US equity futures continued their push higher into record territory overnight (ES +0.1%), and the VIX is 1.5% lower and back under 10, after yesterday’s blistering surge in US stocks which jumped 1%, the most since Sept. 11, following Powell’s deregulation promise, ahead of today’s 2nd estimate of U. S. Q3 GDP which is expected to be revised up. U. S. Senate Budget Committee sent the tax bull to the full chamber to vote, and on Wednesday Senators are expected to vote to begin debating the bill. It wasn’t just the S&P: MSCI’s all-country world index was at yet another record peak after all four major Wall Street indexes notched up new highs on Tuesday. Finally, completing the trifecta of records, and the biggest mover of the overnight session by far, was bitcoin which topped $10,000 in a buying frenzy which saw it go from $9,000 to $10,000 in one day, and which is on its way to rising above $11,000 just hours later.
    In macro, the dollar steadies as interbank traders and hedge funds fade its rally this week; today’s major event will be testimony by outgoing Fed chair Janet Yellen after Powell said there is no sign of an overheating economy; the euro has rallied on strong German regional inflation while pound surges on Brexit bill deal news; yields on 10-year gilts climb amid broad bond weakness; stocks rise while commodities trade mixed.
    In Asia, equity markets were mixed for a bulk of the session as the early euphoria from the rally in US somewhat petered out as China woes persisted (recovered in the latter stages of trade). ASX 200 (+0.5%) and Nikkei 225 (+0.5%) traded higher. Korea’s KOSPI was cautious following the missile launch from North Korea, while Shanghai Comp. (+0.1%) and Hang Seng (+-0.2%) initially remained dampened on continued deleveraging and regulatory concerns before paring losses into the latter stages of trade. Notably, China’s PPT emerged again with Chinese stock markets rallied in late trade, with the CSI 300 Index of mainly large-cap stocks paring a drop of as much as 1.3% to close 0.1% lower. The Shanghai Composite Index rose 0.1%, swinging up from a 0.8% loss, with property and materials companies among the biggest gainers on the mainland. The Shanghai Stock Exchange Property Index surged 3.8%, the most since August 2016. The Shenzhen Composite Index was little changed, after a 1.2% decline, while the ChiNext gauge retreated 0.4%, paring a 1.5% loss. In Hong Kong, the Hang Seng Index was little changed as of 3 p.m. local time, while the Hang Seng China Enterprises Index fell 0.3%Stocks in Europe gained, following equities from the U. S. to Asia higher as optimism over U. S. tax reform and euro-area economic growth overshadowed concerns about North Korea’s latest missile launch. The Stoxx 600 gained 0.8%, reaching a one-week high and testing its 50-DMA. Germany’s DAX, France’s CAC, Milan and Madrid were all up between 0.5 and 0.7% and MSCI’s all-country world index was at yet another record peak after all four major Wall Street indexes notched up new highs on Tuesday. ‘It seems to me markets are still trading on the theory that the glass is half full,’ said fund manager Hermes’ chief economist Neil Williams.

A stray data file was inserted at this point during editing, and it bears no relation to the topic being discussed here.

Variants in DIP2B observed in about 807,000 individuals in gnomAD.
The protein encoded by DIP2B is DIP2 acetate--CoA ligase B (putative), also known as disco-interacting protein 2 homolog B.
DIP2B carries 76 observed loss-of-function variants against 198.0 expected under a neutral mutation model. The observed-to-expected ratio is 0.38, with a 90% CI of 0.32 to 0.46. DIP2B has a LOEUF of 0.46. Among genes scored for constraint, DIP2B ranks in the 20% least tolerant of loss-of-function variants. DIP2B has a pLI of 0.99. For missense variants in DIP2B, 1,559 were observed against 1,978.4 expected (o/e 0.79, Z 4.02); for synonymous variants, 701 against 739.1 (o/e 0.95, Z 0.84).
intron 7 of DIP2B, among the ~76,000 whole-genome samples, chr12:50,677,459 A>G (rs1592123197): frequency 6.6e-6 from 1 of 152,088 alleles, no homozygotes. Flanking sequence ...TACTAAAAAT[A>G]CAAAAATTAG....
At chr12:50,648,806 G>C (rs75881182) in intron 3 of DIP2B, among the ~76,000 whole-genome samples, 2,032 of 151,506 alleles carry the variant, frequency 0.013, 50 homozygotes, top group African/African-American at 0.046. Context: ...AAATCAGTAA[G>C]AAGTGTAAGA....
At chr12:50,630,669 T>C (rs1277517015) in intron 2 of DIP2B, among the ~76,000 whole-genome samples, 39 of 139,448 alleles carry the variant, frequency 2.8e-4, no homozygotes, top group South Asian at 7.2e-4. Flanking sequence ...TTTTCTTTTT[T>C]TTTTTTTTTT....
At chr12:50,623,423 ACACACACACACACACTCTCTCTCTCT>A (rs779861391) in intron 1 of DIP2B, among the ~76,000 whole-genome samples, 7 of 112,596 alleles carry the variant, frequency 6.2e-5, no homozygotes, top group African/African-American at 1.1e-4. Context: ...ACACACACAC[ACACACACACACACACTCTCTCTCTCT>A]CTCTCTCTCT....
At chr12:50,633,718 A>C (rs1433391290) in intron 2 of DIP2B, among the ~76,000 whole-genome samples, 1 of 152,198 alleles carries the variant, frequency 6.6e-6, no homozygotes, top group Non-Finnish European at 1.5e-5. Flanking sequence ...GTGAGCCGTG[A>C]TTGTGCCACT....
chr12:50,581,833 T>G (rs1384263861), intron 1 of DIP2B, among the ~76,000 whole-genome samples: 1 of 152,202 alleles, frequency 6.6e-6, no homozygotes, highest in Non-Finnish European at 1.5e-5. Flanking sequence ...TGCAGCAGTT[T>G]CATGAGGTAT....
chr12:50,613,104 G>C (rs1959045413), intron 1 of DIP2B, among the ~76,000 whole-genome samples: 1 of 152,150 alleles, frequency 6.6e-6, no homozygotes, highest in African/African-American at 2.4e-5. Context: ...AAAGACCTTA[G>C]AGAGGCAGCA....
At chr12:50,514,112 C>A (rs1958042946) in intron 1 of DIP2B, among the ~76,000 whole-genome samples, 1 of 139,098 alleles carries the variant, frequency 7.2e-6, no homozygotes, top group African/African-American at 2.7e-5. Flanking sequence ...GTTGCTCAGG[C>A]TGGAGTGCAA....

This post was published at Zero Hedge on Nov 29, 2017.


  • Cable Crumbles After Government Denies Telegraph Report On Brexit Divorce Bill Agreement

    Update: That did not last long. Shortly after The Telegraph report hit the wires, AP reports that Brexit talks between the UK and European Union are continuing as officials played down suggestions that a deal has been reached on the so-called divorce bill.
    Reports suggested an agreement in principle has been reached which would see Theresa May increase her offer and pay between 40 and 49 billion (45-55 billion euro).
    A British source said they did not recognise the figure in the Daily Telegraph and stressed that talks were ongoing in Brussels.
    Cable has reverted back lower after tagging intraday highs…

    This post was published at Zero Hedge on Nov 28, 2017.


  • Bill Blain: “Germany Is On Fire: How Long Until Bundesbank Demands Rate Hikes To Cool It?”

    Blain’s Morning Porridge – November 27th 2017, submitted by Bill Blain of Mint Partners
    Germany – not solved and likely to prove an even larger problem..
    ‘El castillo, le torre yo soy, le espada que guarda el caudal.